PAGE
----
I originally wrote about consent and parenting on my With The Family blog, read that post Here.
Consent is permission for something to happen. When we parent respectfully we model giving consent and asking for consent in our interactions with our children, as well as our interactions with others. We support our children in learning about consent as they interact with people inside and outside of the family.
If a relative wants to hug or kiss our child in greeting and our child is not comfortable with that, we support our child in not giving consent, in saying no. If our child isn't old enough to say no, we politely say to the relative that our kid isn't feeling like being hugged and kissed, and if our child is very small, we may suggest the adult blow them kisses instead if that feels appropriate.
If our child wants to play with a toy and their friend says no to sharing it, then we can support that friend in the boundary they have set and our child in accepting that boundary if that's needed, explaining to our child why the friend may not feel like sharing, and helping our child find something else to do.
If someone, or we, are tickling a child and they ask us to stop, we stop. If we are tickling a child and they show any sign of being uncomfortable we stop and check in before continuing. Some kids may love this type of play, but others strongly prefer to avoid it. We need to be sensitive to that.
Consent is important in all relationships.
Understanding the concept of Consent means knowing that if someone else says "No" or "stop" then I need to stop what I'm doing to/with them immediately.
Understanding the concept of Consent also means knowing that I can say "no" or "Stop" or "I don't want to do that," and other people will listen to me, or should listen to me, and respond by stopping.
Learning about Consent is a process that begins at birth. It starts with learning that other people will respond to your needs and pay attention to your non-verbal/pre-verbal communication of what you like, don't like, want, and need.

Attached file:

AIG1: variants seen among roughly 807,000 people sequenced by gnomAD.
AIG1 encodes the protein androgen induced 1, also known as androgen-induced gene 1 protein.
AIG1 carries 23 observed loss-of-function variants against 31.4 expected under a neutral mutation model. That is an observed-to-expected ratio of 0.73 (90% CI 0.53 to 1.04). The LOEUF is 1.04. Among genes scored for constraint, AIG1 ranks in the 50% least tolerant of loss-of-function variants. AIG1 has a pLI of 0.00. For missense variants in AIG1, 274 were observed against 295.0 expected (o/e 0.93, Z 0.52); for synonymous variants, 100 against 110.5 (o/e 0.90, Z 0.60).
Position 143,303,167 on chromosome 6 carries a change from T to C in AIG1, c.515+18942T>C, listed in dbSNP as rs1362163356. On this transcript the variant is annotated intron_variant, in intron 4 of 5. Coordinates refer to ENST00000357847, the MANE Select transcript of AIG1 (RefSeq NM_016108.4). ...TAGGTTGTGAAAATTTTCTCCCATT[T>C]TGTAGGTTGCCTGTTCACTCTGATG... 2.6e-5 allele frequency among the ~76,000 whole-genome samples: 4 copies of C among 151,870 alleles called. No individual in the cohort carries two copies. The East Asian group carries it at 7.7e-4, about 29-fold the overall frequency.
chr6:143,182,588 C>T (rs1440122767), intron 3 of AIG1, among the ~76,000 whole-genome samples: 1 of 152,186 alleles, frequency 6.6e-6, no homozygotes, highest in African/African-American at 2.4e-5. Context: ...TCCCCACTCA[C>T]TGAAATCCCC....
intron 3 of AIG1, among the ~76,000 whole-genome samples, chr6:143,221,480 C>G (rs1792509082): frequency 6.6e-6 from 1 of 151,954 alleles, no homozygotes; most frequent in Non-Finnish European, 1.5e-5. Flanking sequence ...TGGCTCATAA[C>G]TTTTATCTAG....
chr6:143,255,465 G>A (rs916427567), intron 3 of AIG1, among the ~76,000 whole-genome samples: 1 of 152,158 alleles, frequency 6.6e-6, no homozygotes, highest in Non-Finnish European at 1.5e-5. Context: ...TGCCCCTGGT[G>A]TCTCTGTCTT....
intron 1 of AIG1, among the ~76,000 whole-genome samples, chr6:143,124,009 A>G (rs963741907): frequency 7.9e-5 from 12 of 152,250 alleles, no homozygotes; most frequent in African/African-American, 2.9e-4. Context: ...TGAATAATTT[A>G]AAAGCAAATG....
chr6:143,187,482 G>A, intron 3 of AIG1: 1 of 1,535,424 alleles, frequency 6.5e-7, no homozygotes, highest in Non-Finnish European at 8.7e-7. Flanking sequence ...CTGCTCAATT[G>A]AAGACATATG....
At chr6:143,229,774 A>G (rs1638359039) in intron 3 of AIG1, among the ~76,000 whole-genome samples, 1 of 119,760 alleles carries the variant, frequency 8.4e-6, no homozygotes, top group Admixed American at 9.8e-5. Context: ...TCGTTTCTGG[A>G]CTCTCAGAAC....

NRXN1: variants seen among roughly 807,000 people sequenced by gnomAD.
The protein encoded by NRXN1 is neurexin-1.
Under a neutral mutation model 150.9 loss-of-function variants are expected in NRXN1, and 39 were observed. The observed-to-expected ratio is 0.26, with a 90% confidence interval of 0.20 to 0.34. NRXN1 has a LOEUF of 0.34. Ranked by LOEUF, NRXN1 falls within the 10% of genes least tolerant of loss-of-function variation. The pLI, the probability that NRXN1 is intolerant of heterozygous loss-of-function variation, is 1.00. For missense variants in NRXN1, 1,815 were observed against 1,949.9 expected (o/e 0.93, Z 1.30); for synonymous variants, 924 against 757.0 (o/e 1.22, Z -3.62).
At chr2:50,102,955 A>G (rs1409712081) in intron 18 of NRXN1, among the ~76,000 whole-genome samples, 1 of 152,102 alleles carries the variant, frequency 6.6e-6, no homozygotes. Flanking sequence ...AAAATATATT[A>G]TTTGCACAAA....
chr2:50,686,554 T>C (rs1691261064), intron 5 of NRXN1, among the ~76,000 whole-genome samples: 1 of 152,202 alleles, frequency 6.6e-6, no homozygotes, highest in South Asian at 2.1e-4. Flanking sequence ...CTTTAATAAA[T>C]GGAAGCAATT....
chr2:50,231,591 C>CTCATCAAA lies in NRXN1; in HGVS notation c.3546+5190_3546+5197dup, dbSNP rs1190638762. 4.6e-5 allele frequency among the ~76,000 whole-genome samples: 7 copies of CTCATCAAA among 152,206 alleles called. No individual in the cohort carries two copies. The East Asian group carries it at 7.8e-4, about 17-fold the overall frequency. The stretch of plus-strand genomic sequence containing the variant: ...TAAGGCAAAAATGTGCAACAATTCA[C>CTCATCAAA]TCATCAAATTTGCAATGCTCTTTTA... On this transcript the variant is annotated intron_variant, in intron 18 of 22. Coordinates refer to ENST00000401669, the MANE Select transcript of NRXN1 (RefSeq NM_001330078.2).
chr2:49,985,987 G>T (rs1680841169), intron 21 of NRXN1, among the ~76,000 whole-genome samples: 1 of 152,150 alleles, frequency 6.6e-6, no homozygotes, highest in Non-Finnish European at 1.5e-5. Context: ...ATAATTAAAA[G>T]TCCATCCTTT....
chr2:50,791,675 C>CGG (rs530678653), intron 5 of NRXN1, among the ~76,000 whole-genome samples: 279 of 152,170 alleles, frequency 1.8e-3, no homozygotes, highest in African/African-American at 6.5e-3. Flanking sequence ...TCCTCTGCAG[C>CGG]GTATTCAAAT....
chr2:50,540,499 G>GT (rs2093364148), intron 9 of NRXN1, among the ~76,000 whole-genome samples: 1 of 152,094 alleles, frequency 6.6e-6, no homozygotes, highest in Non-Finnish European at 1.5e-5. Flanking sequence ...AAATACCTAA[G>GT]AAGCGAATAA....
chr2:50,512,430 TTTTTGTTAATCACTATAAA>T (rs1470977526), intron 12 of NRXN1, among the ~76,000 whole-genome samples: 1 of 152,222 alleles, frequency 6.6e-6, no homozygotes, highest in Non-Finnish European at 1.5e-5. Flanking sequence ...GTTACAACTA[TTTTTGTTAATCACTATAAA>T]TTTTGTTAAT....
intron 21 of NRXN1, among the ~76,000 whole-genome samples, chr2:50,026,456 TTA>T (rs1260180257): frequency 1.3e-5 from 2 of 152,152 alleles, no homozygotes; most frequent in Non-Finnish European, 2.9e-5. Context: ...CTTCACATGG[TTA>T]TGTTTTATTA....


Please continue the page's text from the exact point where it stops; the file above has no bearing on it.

Learning about Consent involves learning to understand the non-verbal cues from other people, and this is learned by other people modeling that behavior, as well as through conversations and discussions about characters in picture books, actors on TV, people we know, and how the express what they want and don't want, how we can often tell what people are feeling even though they aren't saying anything.
Learning about Consent ultimately means learning that unless someone explicitly says they'd like to do something,then they haven't given consent. It also means that threatening them, manipulating them, bribing them, or discounting their feelings in order to get them to say yes, when we want them to say yes but they want to say no, does not constitute consent.
This article, The Healthy Sex Talk: Teaching Kids Consent, Ages 1-21, does an excellent job of explaining how to communicate with children age appropriately.
Consent Ed, an incredibly informative site that gets into the details about what consent is, what isn't consent, and how we all deserve a world that is free from sexual violence.
Parents often talk to their daughters about being safe and how not to dress, but here's The Conversation You Must Have With Your Sons.
A mother blogs about modeling consent with a two year old: Teaching Kids About Consent (and How Not to Rape.)
And if you haven't read it already, here's my post on Consent and Parenting Young Children.